Everyone who practices Aikido understands the importance of their feet. We all know the warm-up exercise where the sole of the foot is massaged, slapped, and shaken, and most of us have probably had sore feet at some point or other. Here is a 9 minute video that gave me a deeper understanding of the structures of the sole of the foot. The video focuses on plantar fasciitis, but it is of general interest as well. I once had a case of plantar fasciitis (in both feet) and I know many of you have had it, too. So painful! Mine came about from stepping on rocks while clearing brush. In my case it took a year to heal, and some people’s feet never do. If you have never had it, be thankful, and take care of your feet so you never get it! Even though this video was made for plantar fasciitis, there are other injuries, acute and chronic, that may occur. This video will help you to understand what goes on with the bottom of the feet and hopefully will be useful as you go through your Aikido career.
It started almost one year ago with an injury from an idiot who never apologized. That was the beginning of everything.
The injury and everything afterward brought me to my knees physically and mentally. And I am lucky to have been forced to my knees. I’m lucky to have been so broken and so hurt. I’m lucky because I was forced into asking myself the question: what do you do when what you love kills you, breaks you apart?
And I found the answer.
You don’t keep going.
I’m a busybody. Meaning that I really don’t like to stop moving. At all. Ever. I write, I make yoga videos, I workout, I train in my Aikido (a martial art), I do homework, etc. You name it and I do it. I don’t like to sit still and do nothing even if it is for relaxing. Or at least I didn’t use to.
With introduction by Suzane Van Amburgh, Multnomah Aikikai
Have you ever incurred a strain or sprain? What’s the difference really and what can one do about it?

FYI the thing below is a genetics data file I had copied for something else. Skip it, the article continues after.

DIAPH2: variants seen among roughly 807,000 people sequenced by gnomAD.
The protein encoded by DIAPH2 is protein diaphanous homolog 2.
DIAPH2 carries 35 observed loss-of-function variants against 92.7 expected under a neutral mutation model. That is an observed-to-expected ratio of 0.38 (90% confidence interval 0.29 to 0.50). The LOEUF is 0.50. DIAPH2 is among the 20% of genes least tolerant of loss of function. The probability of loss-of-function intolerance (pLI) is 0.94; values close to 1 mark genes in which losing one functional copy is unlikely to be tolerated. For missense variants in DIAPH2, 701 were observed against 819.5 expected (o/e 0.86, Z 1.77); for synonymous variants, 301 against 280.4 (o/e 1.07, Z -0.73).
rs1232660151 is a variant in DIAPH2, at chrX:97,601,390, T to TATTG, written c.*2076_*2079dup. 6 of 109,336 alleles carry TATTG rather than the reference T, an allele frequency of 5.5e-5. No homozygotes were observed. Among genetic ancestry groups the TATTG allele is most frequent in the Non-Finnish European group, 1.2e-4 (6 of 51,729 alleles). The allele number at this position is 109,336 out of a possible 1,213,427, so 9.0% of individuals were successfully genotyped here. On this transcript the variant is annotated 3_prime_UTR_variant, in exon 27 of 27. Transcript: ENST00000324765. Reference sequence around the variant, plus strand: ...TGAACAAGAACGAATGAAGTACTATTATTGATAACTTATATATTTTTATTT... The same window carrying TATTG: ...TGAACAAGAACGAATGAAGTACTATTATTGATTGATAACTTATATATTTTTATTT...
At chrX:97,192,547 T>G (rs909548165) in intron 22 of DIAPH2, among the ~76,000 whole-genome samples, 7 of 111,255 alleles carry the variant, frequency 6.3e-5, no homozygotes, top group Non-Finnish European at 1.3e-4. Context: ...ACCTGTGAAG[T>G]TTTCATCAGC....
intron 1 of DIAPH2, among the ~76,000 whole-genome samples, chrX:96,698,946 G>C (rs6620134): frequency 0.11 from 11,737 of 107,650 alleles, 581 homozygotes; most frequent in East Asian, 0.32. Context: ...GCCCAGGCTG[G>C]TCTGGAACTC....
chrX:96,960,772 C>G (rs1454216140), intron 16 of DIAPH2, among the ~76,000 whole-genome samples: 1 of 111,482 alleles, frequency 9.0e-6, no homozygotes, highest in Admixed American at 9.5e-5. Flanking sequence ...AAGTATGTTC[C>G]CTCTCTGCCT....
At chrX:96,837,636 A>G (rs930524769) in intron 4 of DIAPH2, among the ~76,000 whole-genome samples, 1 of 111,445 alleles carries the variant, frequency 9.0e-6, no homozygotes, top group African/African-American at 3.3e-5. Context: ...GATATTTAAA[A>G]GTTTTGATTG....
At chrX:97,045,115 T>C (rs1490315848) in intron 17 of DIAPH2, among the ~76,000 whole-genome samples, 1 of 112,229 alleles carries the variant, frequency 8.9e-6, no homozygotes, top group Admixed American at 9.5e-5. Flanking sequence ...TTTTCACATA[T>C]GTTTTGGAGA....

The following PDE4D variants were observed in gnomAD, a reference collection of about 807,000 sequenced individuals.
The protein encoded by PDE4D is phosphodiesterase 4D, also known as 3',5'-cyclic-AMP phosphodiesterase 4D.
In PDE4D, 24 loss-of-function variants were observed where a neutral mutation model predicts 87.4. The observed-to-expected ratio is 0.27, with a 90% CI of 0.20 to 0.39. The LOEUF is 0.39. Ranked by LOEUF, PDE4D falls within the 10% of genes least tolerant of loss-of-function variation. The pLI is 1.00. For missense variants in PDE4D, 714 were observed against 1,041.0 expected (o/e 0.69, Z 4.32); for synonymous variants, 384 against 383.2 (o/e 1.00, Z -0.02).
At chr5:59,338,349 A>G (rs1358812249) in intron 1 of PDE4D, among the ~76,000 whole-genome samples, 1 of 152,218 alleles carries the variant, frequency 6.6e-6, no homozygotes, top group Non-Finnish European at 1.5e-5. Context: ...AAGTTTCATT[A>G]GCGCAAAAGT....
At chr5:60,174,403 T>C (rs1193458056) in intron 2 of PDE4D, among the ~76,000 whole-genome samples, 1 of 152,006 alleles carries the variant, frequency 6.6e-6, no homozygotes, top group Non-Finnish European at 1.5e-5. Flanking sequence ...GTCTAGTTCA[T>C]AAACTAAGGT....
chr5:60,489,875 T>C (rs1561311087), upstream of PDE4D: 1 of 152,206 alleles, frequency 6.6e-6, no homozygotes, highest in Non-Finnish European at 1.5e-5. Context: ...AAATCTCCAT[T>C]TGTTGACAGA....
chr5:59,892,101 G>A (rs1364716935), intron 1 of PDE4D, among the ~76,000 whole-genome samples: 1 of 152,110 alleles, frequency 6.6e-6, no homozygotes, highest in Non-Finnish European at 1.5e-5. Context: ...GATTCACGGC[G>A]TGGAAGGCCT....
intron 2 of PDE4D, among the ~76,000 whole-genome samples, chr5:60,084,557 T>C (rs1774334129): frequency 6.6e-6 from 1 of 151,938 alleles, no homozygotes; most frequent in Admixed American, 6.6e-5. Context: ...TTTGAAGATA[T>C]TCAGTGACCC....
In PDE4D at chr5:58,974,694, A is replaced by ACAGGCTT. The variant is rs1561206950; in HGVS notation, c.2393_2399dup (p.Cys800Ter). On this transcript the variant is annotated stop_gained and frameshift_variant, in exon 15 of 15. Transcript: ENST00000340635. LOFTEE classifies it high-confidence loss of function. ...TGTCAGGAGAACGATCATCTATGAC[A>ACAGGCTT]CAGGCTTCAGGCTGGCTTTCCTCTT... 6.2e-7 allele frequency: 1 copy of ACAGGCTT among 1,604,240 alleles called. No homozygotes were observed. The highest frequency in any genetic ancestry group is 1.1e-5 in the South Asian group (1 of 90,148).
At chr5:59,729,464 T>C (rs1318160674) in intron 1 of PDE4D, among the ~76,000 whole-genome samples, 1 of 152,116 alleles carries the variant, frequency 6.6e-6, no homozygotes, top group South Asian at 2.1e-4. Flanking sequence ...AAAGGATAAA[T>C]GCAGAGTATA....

During an intensive training session we sometimes push a little harder, reach a little farther and an injury can occur.
After a period of intensive training (such as Aikido summer camp), there is also a risk of suffering an injury as you return to your regular training schedule. Even regular daily activities can trigger an injury after a period of intensive training. People often report that they were “doing nothing” at the time they incurred the injury. After further inquiry it is revealed that the person recently engaged in intensive physical activity or an unusual use of self (eg. we moved last weekend or I went white water rafting for the first time).
Whether you have an injury now or you recently trained intensively, I encourage you to read this excellent article below by my colleague Mike Doren.
Along with being a Guild Certified Feldenkrais® Practitioner, Mike’s background in construction, mechanics, bodybuilding, martial arts, and professional marksmanship provides a deep knowledge base to draw from, regarding the physical/mechanical aspects of the work. Learn more about Mike Doren at: http://www.feldenkraisinstitutenw.com/Michael_E_Doren.html
posted by Suzane Van Amburgh, GCFP, 5th dan, shidoin, Multnomah Aikikai
Sprains and Strains
By Mike Doren